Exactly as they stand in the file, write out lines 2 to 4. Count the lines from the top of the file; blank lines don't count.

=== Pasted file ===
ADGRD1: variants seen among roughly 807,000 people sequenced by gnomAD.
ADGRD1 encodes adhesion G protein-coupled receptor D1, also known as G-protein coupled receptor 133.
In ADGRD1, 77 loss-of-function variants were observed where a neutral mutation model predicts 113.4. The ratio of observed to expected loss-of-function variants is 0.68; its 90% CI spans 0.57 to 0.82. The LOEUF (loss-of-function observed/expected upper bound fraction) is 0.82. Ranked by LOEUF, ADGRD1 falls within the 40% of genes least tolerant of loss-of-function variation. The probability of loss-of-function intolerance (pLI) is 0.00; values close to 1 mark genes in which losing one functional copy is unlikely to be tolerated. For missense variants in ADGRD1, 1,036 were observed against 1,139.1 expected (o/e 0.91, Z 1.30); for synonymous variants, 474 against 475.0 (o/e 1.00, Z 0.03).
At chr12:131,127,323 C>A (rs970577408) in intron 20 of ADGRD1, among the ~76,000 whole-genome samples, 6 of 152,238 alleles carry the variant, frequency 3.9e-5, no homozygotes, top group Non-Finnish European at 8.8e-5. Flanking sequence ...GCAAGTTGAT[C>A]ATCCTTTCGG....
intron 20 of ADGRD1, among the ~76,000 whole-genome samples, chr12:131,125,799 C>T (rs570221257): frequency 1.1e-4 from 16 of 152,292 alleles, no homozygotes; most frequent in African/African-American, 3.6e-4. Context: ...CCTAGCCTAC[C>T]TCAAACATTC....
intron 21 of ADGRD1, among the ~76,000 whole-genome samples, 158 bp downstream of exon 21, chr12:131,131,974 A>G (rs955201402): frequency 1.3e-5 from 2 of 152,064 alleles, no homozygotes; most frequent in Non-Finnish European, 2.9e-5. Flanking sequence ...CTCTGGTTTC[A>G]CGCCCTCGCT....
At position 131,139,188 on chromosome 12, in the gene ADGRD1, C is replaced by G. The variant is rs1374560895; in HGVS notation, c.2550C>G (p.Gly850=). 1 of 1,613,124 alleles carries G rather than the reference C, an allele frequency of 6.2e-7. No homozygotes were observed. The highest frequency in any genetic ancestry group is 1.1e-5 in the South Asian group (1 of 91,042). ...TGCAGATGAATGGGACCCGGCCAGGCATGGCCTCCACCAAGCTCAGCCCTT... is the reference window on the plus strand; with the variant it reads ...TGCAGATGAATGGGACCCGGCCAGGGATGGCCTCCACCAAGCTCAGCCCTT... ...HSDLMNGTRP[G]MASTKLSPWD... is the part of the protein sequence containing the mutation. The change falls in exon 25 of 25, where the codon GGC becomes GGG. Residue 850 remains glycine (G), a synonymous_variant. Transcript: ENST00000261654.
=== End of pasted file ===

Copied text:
ADGRD1 encodes adhesion G protein-coupled receptor D1, also known as G-protein coupled receptor 133.
In ADGRD1, 77 loss-of-function variants were observed where a neutral mutation model predicts 113.4. The ratio of observed to expected loss-of-function variants is 0.68; its 90% CI spans 0.57 to 0.82. The LOEUF (loss-of-function observed/expected upper bound fraction) is 0.82. Ranked by LOEUF, ADGRD1 falls within the 40% of genes least tolerant of loss-of-function variation. The probability of loss-of-function intolerance (pLI) is 0.00; values close to 1 mark genes in which losing one functional copy is unlikely to be tolerated. For missense variants in ADGRD1, 1,036 were observed against 1,139.1 expected (o/e 0.91, Z 1.30); for synonymous variants, 474 against 475.0 (o/e 1.00, Z 0.03).
At chr12:131,127,323 C>A (rs970577408) in intron 20 of ADGRD1, among the ~76,000 whole-genome samples, 6 of 152,238 alleles carry the variant, frequency 3.9e-5, no homozygotes, top group Non-Finnish European at 8.8e-5. Flanking sequence ...GCAAGTTGAT[C>A]ATCCTTTCGG....